Author Topic: Emergency Parachute Exit From A-36  (Read 4585 times)

Spencer Lane

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Emergency Parachute Exit From A-36
« Reply #15 on: June 02, 2009, 04:04:28 AM »
Bob, For many years I flew my 1975 A-36 (then new) from my NY office to my LA office with a parachute

on the Co-pilot seat which I could strap on in under 10 seconds. My plan was to trim the A-36 for level

flight at 80-90 KIAS with AP engaged, crack the door open, and use my crouched body to push the door open sufficiently to roll out onto the wing and roll off in the event of an engine failure at night or in IMC. I often called my chute my low-cost second Engine, and have no doubt that at those low airspeeds this could be done successfully. Upgrading years later to a 58P Baron my operating expenses more than doubled.

Spencer Lane ABS# 9767 2005 A-36

Spruce Creek Fly-In, 7FL6 (386) 788-0780

Michael McNamara

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Emergency Parachute Exit From A-36
« Reply #16 on: January 27, 2011, 05:16:44 AM »
I have over 4000 jumps, everything from a hot air baloon to a Bboeing 727.

I own a 1965 Debonair.

I would not consider jumping out of a Bonanza as a good answer to an emergency.

Having said that, you really can't get out of the side door in flight.  Even if you managed to get it slow enough & are strong enough to push the door against the wind, you'd likely get hung up on something.  NG.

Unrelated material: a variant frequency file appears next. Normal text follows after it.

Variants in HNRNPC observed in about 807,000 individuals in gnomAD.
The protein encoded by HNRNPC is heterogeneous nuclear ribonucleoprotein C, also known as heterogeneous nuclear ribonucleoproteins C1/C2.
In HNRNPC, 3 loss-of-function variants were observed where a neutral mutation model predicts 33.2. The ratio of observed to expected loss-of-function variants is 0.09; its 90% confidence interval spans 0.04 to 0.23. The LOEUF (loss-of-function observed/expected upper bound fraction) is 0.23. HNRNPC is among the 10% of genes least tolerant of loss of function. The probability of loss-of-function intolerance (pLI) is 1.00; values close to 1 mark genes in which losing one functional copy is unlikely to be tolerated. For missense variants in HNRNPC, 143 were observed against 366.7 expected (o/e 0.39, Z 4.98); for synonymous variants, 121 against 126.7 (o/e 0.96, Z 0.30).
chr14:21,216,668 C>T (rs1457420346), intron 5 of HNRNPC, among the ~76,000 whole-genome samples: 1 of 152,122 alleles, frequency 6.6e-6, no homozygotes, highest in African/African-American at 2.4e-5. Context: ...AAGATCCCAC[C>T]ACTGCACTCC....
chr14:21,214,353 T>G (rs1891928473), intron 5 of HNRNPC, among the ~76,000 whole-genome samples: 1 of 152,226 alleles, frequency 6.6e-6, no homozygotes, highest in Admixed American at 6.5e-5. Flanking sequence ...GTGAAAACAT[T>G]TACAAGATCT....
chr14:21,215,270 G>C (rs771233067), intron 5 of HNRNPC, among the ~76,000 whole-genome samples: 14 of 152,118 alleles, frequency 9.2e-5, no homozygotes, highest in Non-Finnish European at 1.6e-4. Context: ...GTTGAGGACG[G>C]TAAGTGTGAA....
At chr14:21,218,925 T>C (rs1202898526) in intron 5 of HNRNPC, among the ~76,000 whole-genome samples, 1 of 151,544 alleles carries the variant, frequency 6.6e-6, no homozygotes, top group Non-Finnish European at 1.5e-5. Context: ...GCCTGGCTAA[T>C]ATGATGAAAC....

The emergency exit is too small to use with a rig on.  NG.

The 36, is, of course, approved for jumping.  Open the rear door, exit the aircraft.

John Lockhart

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Emergency Parachute Exit From A-36
« Reply #17 on: April 02, 2011, 03:45:06 AM »
Bob,  Great subject...  I work in AZ and live in CO and fly between all the time.  I sold my (half) of a 58TC and bought a V35A (TC).  It is a great bird - it burns 1/2 the fuel of the 58TC but is not as fast.  I have lived in AZ since '95 and continue to be amazed at the terrain.  I fly over the San Juan's (SW CO) and have plenty of options if something were to burp - but, in flying over parts of AZ I have far less options.  I have flown over this stuff at night but I don't like it, my chances of survival (in the event of an engine failure) would be quite low in some of these places (not my best decision making).  IMC is also tough and I have found much more ice in AZ than in years of flying in Northern IL winters.   Anyhow - I feel your pain.  I just work to stick with daytime VFR and also try to practice short-fields & engine-outs often.  Personally, I'd stay in the airplane down to the ground in any situation.  Best - john